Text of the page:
Depending on how organized you want your scenes to be, eventually you will need to use the Outliner. If you go to the bottom-left of any view, you can click the Editor Type drop-down menu and choose the Outliner (or press Shift + F9 while hovering in a view).
The Outliner shows the scene hierarchy (Figure 1). At the top of the hierarchy is the Scene, but you can also have multiple scenes within the same file. In a scene with the default cube, the scene hierarchy is expanded to show Render Layers, World, Camera, Cube and Lamp.
Click to expand the Render Layers section of the Outliner (Figure 2). Render Layers are for compositing your scene. You may "check" these layers on or off by clicking on the boxes to the right. This will have the same effect as toggling passes using the Layers of the Render panel. To save space, close the Render Layers hierarchy when you're done looking at it.
"World" is the default name for the world of the current Scene. It holds all the properties for the scene's environment, but you cannot seem to select it. Instead, you can go to the Properties panel and select the "earth" icon to edit the World properties.
If you LMB-click on the Camera, Cube or Lamp in the Outliner, their names will highlight in white and each will toggle being selected in your view. If you select multiple Objects, the Active Object will also be the one with the white highlight in the Outliner. Hit the <Home> key to frame all objects in your view to see each selected as you click their names. These are all Objects, and they will always be at the top level of the hierarchy.
The Object icons are orange in color but are different shapes depending on the Object type. For example: Mesh Objects have an icon of a triangle with points on the corners, like a triangle in edit mode.
If you expand any of these Objects, the hierarchy will expand a little more. Nested beneath the Objects are the datablocks associated with those Objects.
Expand "Camera" to see another name of "Camera" with the same movie camera icon to the left. This is the Camera datablock; it holds the Camera options. Expand "Cube" to see another name of "Cube" with a triangle icon to the left. This is the Cube datablock; it holds the Cube mesh options. You may also toggle Edit Mode and Object Mode by clicking this mesh icon. Expand "Lamp" to see the name of "Spot" with a multi-directional light icon. The name of this datablock should actually be "Point"; hopefully it will be fixed before version 2.6 is released. This is the Lamp datablock; it holds the Lamp options (Figure 3).
Also note the Properties panel directly beneath the Outliner, by default. Along the top of this panel are several icons, some of which are context-sensitive. Select the camera and note that there is a "cube" icon and a "movie camera" icon among these. If you hover over the cube icon, "Object" will appear, and if you hover over the movie camera icon, "Object Data" will appear. "Object" is for Object properties, and "Object Data" is for datablock properties for the selected object.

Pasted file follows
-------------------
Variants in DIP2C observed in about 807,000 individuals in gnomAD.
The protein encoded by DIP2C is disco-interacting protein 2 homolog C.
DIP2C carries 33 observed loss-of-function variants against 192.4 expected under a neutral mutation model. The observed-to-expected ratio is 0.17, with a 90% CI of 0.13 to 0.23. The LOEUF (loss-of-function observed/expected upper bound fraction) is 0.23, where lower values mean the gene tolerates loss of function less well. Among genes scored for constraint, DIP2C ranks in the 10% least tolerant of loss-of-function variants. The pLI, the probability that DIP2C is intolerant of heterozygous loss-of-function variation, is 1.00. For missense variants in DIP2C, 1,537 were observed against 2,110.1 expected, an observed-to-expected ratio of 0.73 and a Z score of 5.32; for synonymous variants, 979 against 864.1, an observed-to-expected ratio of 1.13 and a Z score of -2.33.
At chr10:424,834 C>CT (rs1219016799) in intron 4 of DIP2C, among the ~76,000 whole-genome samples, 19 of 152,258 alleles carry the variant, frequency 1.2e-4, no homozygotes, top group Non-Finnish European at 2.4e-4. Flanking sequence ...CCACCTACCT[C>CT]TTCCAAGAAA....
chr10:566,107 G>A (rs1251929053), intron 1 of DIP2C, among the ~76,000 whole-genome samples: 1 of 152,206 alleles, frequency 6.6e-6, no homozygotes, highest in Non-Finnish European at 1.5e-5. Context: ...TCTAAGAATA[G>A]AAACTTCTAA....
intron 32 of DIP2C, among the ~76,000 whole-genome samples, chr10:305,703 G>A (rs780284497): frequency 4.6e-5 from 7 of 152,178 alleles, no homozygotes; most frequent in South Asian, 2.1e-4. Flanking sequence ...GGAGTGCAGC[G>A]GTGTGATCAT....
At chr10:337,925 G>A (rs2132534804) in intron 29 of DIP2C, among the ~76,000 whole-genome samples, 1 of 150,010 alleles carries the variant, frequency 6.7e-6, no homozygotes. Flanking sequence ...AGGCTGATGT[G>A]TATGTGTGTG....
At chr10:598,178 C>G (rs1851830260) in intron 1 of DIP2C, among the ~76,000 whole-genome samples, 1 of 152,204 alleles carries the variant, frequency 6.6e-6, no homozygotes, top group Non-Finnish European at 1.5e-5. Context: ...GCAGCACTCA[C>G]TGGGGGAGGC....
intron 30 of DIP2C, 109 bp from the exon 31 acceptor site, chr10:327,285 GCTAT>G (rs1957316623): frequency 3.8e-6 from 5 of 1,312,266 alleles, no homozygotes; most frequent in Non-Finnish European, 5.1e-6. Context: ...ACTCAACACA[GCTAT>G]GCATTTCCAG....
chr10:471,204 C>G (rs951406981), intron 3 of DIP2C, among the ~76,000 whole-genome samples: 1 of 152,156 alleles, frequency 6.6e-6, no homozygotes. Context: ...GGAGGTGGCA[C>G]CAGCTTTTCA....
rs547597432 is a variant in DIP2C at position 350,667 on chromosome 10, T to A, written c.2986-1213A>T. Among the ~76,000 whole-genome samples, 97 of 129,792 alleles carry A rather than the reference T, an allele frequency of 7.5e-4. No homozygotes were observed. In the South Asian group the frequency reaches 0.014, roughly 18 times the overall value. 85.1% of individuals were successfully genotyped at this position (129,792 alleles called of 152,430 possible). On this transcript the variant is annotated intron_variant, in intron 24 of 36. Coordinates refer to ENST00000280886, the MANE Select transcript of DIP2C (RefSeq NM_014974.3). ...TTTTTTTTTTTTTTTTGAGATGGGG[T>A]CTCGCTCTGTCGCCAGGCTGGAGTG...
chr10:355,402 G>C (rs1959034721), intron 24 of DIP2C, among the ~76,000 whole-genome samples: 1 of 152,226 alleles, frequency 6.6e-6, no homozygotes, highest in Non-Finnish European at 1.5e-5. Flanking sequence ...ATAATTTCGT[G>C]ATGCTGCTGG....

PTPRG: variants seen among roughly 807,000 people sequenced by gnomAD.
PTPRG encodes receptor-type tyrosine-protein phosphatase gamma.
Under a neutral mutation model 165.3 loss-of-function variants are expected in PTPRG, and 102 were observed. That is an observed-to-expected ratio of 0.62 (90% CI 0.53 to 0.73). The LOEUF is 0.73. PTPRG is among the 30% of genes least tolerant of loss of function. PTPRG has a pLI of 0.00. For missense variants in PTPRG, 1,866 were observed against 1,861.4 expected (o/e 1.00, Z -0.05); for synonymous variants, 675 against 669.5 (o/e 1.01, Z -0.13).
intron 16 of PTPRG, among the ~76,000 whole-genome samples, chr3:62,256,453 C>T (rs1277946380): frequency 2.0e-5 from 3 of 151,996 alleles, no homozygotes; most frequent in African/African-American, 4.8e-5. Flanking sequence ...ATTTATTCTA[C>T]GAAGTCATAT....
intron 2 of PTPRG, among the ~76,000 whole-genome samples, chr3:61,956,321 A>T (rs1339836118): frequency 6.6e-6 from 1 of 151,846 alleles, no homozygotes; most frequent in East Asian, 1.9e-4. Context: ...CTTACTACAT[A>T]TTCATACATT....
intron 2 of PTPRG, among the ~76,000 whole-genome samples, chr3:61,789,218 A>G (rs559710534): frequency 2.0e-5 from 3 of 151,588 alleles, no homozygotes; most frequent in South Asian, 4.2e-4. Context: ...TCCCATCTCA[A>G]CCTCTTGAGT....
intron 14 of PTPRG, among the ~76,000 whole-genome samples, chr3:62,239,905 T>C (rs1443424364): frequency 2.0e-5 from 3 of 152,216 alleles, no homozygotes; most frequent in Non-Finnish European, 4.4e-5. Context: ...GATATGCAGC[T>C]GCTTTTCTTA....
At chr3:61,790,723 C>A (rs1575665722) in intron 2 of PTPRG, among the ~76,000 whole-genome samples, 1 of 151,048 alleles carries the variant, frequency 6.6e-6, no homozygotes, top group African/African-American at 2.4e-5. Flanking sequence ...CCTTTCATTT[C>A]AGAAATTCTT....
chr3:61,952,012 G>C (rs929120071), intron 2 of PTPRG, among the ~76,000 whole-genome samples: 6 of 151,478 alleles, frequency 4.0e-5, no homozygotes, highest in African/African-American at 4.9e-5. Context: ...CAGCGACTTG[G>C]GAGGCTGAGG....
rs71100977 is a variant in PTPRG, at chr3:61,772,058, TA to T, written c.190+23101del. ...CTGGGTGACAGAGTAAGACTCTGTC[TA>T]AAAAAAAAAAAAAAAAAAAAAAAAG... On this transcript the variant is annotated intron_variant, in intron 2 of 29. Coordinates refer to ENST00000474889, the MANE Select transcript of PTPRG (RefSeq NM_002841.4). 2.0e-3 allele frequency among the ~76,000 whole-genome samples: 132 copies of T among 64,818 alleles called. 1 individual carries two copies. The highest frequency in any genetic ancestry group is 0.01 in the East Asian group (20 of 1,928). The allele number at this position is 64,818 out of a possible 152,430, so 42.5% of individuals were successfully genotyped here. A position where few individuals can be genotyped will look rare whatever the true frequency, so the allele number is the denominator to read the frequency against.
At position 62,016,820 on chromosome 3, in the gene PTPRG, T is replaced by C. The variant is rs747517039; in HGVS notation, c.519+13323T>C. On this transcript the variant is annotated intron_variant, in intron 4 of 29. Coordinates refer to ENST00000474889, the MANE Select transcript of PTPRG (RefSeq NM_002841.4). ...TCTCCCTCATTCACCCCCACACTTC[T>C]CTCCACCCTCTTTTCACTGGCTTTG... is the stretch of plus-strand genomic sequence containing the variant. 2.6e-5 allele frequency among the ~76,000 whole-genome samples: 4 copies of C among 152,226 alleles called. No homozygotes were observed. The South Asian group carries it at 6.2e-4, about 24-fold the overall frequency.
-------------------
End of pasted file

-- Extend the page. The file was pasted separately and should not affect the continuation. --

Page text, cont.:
The Object properties can also be accessed by hitting "N" while hovering in a view to toggle the Properties panel (Figure 4). This version of the Properties panel has some other properties as well, such as related to the view, but it still contains the Object name and transform info, just like the fixed panel.
If you select the field with the cube icon next to it and type in a new name, you will have just changed the Object name, and it will also change in the top-level of the Outliner. I selected the cube and renamed it to "box." You may also change the names directly in the Outliner. Simply CTRL + LMB-click on any name and enter a new name (Figure 5).
Select the camera again and click on the movie camera icon in the Properties panel to see the name of the Camera datablock as the same in the Outliner, also "Camera." This is where Blender can be initially confusing when dealing with datablocks; the default datablock for Cube is also "Cube."
You can view another tutorial on datablocks, but in general just remember the Object holds the transform information, and datablocks describe most other Object properties. All Objects will be unique because they have their own transforms, whereas the datablock will be linked to the Object and can have exact duplicates. If you make a linked duplicate of an Object, its datablock is shared.
If you expand the Cube down further, you will see "Material" on the next level. This is another datablock; it is linked to the Mesh level, because it's nested directly beneath it. And... if you expand the Cube down one more level, the "Tex" datablock (texture) is revealed. Since it is nested directly beneath Material, it depends on it. You can't have a texture without first creating a material (Figure 6).
Try this with Parenting was well. Select the Lamp, then the Cube and press CTRL + P. Then look at the Outliner: the Lamp is nested beneath the cube and now depends on it. Try this out with other functions within Blender to see the nesting effects.
Also notice on the far right of the Outliner are three icons: an eye, an arrow and a camera. The eye toggles visibility of your object in your scene. The arrow toggles the ability to select objects. The camera toggles whether or not your object will render.